August 16 – Happy Birthday Father of Psychology

Wilhelm Wundt in 1902 was born August 16, 1832
https://en.wikipedia.org/wiki/Wilhelm_Wundt

My undergraduate degree is in Behavorial Science so you would think I would know who the “Father of Psychology” was. Turns out it’s Wilhelm Wundt. Fortunately, we’re never too old to learn.

William James, the “Father of American Psychology” was born in 1842. Sigmund Freud, the “founder of psychoanalysis” was born in 1856. John B. Watson, the “father of behaviorism” was born in 1878. Donald O. Clifton, the “grandfather of positive psychology” was born in 1926. Last, but not least, Siddhartha Gautama, the “great physician” and “first psychologist” was born 563 BCE.

So, it is a pleasant surprise to learn that the acknowledged “Father of Psychology” is Wilhelm Wundt who was born today in 1832 near Mannheim, Germany. See: https://en.wikipedia.org/wiki/Wilhelm_Wundt

Today’s haiku: Happy Birthday Father of Psychology

It’s never too late

to learn something new about

how we think and act

BTW: Let’s not forget the women pioneers in psychology. Check out this article 10 Women Who Helped Change Psychology at https://www.verywellmind.com/women-who-changed-psychology-2795260

Wilhelm Wundt commemorative plaque, University of Leipzig

13 thoughts on “August 16 – Happy Birthday Father of Psychology

  1. Dr B

    Nice post Patrick, but …… hang on a minute …… Wundt vs Sid? 1832 vs 563BC? I know it was a trap set for me but, but, but……. Explain your personal view. Agree or disagree with Wundt, he may have set up an institute but, …….

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    1. Patrick Cole Post author

      Good observation and question, Dr B! I need to do more research on Wundt. I honestly had not heard of him before today. My bad. Wundt is known for starting the first scientific lab dedicated to mind studies and has also acquired the title of the “father of experimental psychology” because he separated psychology from both philosophy and biology.

      Sid, on the other hand, was a very pragmatic teacher who helped people see how their thoughts altered their understanding of reality. Through better thinking people can better speak and act in ways that are more skillful and less harmful to themselves and others.

      Because I prefer a more holistic approach to life, which some might call understanding “interbeing,” I take more stock in Sid’s teachings. Now, that doesn’t mean I wouldn’t go to cardiologist versus my general practitioner if I needed more understanding in a specific area. 🙂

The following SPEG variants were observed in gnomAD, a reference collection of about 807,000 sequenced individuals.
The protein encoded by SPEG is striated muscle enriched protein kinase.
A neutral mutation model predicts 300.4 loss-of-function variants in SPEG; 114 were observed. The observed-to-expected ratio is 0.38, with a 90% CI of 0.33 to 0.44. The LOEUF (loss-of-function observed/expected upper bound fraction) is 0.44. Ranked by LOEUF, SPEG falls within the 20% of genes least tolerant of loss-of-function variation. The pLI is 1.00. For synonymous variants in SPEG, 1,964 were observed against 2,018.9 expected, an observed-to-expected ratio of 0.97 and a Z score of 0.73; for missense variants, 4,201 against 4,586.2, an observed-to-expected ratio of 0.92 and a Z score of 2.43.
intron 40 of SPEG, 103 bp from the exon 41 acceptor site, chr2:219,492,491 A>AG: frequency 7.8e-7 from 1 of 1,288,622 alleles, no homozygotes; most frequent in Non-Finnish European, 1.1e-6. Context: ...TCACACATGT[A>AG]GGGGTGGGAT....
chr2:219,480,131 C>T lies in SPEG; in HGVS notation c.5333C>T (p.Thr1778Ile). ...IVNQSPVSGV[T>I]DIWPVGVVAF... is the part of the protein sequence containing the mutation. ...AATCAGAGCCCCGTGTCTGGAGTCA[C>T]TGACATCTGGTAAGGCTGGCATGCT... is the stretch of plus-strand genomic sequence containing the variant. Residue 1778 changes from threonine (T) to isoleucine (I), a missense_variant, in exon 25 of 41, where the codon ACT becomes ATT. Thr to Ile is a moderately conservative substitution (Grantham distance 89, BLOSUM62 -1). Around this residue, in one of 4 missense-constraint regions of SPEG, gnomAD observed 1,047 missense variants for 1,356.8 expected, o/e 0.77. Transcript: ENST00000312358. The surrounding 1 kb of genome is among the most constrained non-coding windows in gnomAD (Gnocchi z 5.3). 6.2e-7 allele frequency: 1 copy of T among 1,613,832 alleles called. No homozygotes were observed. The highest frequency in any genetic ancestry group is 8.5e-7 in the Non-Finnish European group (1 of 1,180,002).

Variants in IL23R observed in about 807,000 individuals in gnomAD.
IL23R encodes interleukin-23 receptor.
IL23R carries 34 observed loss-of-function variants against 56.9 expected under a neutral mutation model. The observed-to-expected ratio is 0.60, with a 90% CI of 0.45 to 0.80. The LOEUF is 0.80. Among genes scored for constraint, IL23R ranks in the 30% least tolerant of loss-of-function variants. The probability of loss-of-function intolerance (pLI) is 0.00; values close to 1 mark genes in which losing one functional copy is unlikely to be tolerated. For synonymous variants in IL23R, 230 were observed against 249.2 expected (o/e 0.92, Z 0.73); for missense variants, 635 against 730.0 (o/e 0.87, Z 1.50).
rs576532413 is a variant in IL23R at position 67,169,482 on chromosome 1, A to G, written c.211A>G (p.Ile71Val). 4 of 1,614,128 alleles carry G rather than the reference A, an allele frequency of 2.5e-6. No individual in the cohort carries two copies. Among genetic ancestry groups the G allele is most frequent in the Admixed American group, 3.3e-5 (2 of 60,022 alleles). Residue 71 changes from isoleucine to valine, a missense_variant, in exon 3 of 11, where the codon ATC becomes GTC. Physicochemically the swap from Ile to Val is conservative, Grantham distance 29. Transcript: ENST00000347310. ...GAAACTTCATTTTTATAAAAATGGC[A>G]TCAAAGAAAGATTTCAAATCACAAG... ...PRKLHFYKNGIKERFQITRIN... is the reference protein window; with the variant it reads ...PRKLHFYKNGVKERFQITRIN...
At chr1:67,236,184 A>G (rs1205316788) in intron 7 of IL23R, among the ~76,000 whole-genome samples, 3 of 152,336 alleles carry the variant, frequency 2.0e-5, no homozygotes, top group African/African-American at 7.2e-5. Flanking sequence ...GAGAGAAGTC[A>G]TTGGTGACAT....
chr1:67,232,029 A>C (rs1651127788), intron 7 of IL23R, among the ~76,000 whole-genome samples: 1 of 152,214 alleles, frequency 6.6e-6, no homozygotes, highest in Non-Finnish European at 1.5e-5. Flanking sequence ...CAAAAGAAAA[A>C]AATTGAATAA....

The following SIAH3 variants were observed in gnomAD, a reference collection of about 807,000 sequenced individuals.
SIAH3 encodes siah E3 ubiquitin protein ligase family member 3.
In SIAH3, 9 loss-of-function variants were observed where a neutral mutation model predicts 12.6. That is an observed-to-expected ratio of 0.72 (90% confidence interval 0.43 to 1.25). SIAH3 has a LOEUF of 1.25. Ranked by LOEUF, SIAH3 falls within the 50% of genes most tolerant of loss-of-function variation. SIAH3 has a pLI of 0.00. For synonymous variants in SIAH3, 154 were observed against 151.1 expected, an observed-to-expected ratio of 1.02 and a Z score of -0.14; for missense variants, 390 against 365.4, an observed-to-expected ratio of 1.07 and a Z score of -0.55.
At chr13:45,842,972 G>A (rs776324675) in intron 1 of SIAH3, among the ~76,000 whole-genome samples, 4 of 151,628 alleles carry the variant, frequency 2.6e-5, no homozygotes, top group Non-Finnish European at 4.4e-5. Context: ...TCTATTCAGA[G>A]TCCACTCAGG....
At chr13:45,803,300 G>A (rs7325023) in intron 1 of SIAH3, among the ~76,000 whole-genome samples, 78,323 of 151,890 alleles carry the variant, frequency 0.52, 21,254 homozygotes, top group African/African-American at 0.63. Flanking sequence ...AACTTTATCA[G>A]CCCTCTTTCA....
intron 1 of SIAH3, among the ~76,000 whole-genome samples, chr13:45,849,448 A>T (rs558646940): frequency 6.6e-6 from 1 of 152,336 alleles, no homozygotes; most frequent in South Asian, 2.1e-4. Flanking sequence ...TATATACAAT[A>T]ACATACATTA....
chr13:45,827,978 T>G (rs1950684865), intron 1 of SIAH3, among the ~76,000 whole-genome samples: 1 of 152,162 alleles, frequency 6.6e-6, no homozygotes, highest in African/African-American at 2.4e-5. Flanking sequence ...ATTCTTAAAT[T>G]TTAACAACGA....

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      1. Dr B

        There is a topic or study area known as Buddhist psychology and one of the books I have is by Caroline Brazier. I read it a few years ago but have always found it hard going, perhaps because so much of it seems to be written within a psychodynamic approach. So, was Freud influenced by Sid? In parallel I have no doubt that Epicurus and Marcus Aurelius were Buddhists and their philosophy definitely was inspired from “elsewhere”! Go figure …. 🤣🤣

        Liked by 1 person

  2. Ari Joshua Bouse

    I had forgotten about learning about Wundt in psychology classes back in college. Love the Siddhartha reference! And because of him and people like you, we now have a living Buddhist Psychology. Carl Jung is a personal favorite.

    Liked by 2 people

    Reply
    1. Dr B

      I’m probably out on a limb here but having specialised in organisation behaviour my heroes were Reg Revans, David Nadler, and George Kelly, all with very practical processes for organisation development and change. If I had to choose one of the better known classics it would be Skinner rather than Watson, not sure why but it may have had something to do with my earlier science education. Couldn’t stand the “wishy washy” stuff of Freud, seemed impractical to someone working in a heavy manufacturing environment!

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  3. Patrick Cole Post author

    Thanks, Ari. Yes, both Carl Jung and Alfred Adler, original students of Sigmund Freud, were of interest to me early on. I eventually moved closer to Carl Rogers and Abraham Maslow in my career. And, of course, now I find teachers like Siddhartha, Jack Kornfield and Tara Brach of great interest.

    Liked by 1 person

    Reply
  4. Pooja G

    I remember learning about him in the very first psychology class I took at university but I had forgotten about him till this post! I usually remember Freud since I found him interesting but don’t remember too much else if I’m being honest.

    Liked by 2 people

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